Retooling Manufacturing: Bridging Design, Materials, and Production and suspensions of trucks and tanks Stress and strain, including prediction of sources of cracks and other fatigue phenomena Production processes, including solidification, deformation, machining, and joining Motions of production equipment such as robots and assembly setup, to determine feasibility of geometry and timing Motions of logistical equipment such as forklifts and conveyors that transport materials in factories, to determine production capacity Motions and loads on people while doing physical work, to determine timing and avoid injuries, or while operating the product, to study ergonomics The committee agrees that the most accurate and definitive simulations are those that involve only geometry. However, some mixed phenomena simulations are also remarkably accurate. For example, the fuel consumption of a jet engine can be predicted within about 2 percent using simulations that involve mechanical, aerodynamic, and combustion phenomena.13 The crashworthiness of a car can be well predicted for frontal collisions. These simulations predict crushing patterns of the structure as well as the path taken by the engine as the front crushes. The point at which the wing of the 777 broke under test to destruction was predicted to the extent that the failure load, location of failure, and kind of failure all were correct.14 But many of these simulations are purposely built by experts and are honed over many years, making them quite expensive and accessible only to large companies. What is needed is a set of robust, verified, and validated simulation codes, accessible to nonexpert users. Specialty codes exist for the various aspects of the simulations listed above. A significant improvement in design could be achieved if each of these codes could use a common database describing product geometry and other essential data. Longer range, what is needed is consistent engineering representations of a variety of physical phenomena so that different simulations do not have to be used for each phenomenon separately. Only then will fully functional simulations of multiphenomena systems be possible. Furthermore, models of production processes today encompass what happens in a restricted area of a factory. Broader models of entire factories are made less often, and models of entire supply chains are rarer still. Commercial software provides some facilities for managing existing supply chains and for passing orders and payments back and forth, but these are more adapted to supply chain operation than to design. SPECIFIC ACTIVITIES IN ELECTRONICS PARTS INDUSTRIES Electronics parts industries cover the spectrum from such discrete devices as capacitors and resistors through integrated semiconductor devices and up to such complete systems as microprocessors. Modeling, simulation, and sensing requirements therefore span a broad spectrum of activities across multiple levels. These include a wide array of techniques for modeling the performance of individual semiconductor devices as well as simulations of entire systems. Today's products could not be designed without these simulations and design aids, but there is additional potential for significant interaction between some technical domains. Opportunities arise in the following areas: 13   Jon Niemeyer and Daniel Whitney, "Risk Reduction of Jet Engine Product Development Using Technology Readiness Metrics," ASME Design Engineering Technical Conference, paper no. DETC2002/DTM 34000, September 29–October 2, 2002. 14   Karl Sabbagh, 21st Century Jet: The Making of an Airplane, Pan MacMillan Australia, Sydney, N.S.W., 1995.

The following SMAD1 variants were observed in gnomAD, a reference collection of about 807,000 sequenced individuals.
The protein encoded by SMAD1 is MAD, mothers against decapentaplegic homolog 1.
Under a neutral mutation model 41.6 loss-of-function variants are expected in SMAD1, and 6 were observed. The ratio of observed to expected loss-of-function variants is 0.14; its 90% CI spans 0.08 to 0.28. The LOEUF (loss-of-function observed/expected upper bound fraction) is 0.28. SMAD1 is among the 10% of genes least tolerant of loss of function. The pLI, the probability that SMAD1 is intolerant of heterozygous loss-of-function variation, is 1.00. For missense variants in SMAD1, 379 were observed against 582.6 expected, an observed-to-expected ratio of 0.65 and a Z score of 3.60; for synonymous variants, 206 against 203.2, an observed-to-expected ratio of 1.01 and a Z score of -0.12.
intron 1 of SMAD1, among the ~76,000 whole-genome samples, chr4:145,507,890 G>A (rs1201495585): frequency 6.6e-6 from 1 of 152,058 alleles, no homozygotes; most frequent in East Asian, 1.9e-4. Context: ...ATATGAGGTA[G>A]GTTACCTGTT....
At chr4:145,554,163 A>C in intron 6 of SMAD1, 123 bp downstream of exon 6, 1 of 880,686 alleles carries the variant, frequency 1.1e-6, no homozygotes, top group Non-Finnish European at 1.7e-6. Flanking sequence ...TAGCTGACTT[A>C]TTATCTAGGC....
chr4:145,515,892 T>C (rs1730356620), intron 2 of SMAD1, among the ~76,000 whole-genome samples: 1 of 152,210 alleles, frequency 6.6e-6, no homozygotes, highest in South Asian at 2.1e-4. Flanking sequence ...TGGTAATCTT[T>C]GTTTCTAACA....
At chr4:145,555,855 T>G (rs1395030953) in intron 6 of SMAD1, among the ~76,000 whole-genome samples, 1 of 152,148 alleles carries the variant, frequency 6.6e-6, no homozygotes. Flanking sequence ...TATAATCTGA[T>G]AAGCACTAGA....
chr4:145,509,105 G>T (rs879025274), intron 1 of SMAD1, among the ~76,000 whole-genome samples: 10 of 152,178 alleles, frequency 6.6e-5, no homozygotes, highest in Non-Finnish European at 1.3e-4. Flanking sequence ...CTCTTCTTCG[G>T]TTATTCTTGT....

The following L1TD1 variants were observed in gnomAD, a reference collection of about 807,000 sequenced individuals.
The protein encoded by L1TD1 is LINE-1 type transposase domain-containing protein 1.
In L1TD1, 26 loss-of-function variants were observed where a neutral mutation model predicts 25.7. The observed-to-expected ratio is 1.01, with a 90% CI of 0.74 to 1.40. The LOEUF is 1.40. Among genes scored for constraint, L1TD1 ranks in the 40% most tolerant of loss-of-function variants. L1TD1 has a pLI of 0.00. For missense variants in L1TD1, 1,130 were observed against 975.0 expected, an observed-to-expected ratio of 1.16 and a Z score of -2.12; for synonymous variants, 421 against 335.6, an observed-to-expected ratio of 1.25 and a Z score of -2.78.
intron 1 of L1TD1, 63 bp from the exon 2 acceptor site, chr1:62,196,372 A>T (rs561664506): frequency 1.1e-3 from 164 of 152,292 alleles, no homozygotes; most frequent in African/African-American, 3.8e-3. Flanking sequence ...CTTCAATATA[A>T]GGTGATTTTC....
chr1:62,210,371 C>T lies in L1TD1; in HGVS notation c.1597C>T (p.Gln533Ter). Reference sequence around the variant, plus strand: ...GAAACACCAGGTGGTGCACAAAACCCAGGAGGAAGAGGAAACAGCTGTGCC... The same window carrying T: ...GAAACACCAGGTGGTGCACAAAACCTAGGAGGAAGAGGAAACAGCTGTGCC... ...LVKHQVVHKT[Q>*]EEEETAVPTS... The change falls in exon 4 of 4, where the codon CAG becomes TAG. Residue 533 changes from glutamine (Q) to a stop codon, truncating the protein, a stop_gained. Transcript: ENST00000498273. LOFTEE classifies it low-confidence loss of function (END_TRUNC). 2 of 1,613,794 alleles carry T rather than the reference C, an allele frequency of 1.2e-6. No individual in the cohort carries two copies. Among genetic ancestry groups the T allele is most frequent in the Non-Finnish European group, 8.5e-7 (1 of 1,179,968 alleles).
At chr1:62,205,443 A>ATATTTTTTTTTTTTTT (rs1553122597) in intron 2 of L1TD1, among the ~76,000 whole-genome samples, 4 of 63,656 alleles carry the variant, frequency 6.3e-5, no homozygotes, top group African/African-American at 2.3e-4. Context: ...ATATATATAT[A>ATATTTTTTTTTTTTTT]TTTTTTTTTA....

OCR for page 11